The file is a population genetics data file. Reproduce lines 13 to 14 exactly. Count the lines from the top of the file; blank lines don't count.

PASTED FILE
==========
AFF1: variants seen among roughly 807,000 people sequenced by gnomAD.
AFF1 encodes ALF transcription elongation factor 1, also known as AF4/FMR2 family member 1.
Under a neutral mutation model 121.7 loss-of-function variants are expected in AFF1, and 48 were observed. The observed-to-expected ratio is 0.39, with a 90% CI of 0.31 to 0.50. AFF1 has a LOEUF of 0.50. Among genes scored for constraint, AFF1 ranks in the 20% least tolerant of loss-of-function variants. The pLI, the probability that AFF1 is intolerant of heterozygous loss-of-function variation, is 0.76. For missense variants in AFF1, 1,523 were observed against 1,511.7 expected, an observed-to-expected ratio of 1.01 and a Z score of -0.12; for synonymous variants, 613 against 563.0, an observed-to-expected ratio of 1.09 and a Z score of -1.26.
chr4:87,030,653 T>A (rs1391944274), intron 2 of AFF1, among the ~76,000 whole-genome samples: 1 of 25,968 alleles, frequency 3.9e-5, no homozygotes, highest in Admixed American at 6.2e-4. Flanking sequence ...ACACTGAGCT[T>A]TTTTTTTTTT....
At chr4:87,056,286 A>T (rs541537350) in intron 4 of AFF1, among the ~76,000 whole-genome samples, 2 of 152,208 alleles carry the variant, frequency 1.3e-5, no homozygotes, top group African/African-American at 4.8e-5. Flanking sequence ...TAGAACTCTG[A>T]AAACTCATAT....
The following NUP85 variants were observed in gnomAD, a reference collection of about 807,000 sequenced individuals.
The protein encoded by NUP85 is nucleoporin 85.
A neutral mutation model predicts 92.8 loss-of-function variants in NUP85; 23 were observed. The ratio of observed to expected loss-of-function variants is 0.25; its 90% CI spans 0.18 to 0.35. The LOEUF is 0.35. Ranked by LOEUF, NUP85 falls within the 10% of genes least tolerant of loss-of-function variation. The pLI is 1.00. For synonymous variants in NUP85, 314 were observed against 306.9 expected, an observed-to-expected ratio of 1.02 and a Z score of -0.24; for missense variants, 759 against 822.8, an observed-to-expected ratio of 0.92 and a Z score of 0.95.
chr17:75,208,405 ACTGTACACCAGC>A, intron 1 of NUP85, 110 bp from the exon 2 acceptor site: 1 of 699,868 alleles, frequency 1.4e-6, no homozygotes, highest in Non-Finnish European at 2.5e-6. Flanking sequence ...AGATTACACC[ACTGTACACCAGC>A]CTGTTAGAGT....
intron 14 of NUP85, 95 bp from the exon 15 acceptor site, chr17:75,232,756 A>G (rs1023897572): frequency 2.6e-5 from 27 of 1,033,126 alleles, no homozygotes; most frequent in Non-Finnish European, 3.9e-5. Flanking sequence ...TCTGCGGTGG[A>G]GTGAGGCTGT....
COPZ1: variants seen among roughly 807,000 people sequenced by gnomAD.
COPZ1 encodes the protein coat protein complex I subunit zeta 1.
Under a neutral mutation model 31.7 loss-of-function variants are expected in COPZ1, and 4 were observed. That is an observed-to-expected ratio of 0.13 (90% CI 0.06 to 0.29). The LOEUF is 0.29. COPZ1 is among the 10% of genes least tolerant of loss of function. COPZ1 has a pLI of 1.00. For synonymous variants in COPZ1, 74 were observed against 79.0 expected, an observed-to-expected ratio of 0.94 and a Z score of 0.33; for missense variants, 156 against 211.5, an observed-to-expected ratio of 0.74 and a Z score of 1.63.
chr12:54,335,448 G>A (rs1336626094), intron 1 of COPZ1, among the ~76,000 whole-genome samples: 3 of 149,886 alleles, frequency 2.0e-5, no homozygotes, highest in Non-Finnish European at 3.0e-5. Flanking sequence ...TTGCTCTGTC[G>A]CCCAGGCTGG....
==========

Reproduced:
Under a neutral mutation model 31.7 loss-of-function variants are expected in COPZ1, and 4 were observed. That is an observed-to-expected ratio of 0.13 (90% CI 0.06 to 0.29). The LOEUF is 0.29. COPZ1 is among the 10% of genes least tolerant of loss of function. COPZ1 has a pLI of 1.00. For synonymous variants in COPZ1, 74 were observed against 79.0 expected, an observed-to-expected ratio of 0.94 and a Z score of 0.33; for missense variants, 156 against 211.5, an observed-to-expected ratio of 0.74 and a Z score of 1.63.
chr12:54,335,448 G>A (rs1336626094), intron 1 of COPZ1, among the ~76,000 whole-genome samples: 3 of 149,886 alleles, frequency 2.0e-5, no homozygotes, highest in Non-Finnish European at 3.0e-5. Flanking sequence ...TTGCTCTGTC[G>A]CCCAGGCTGG....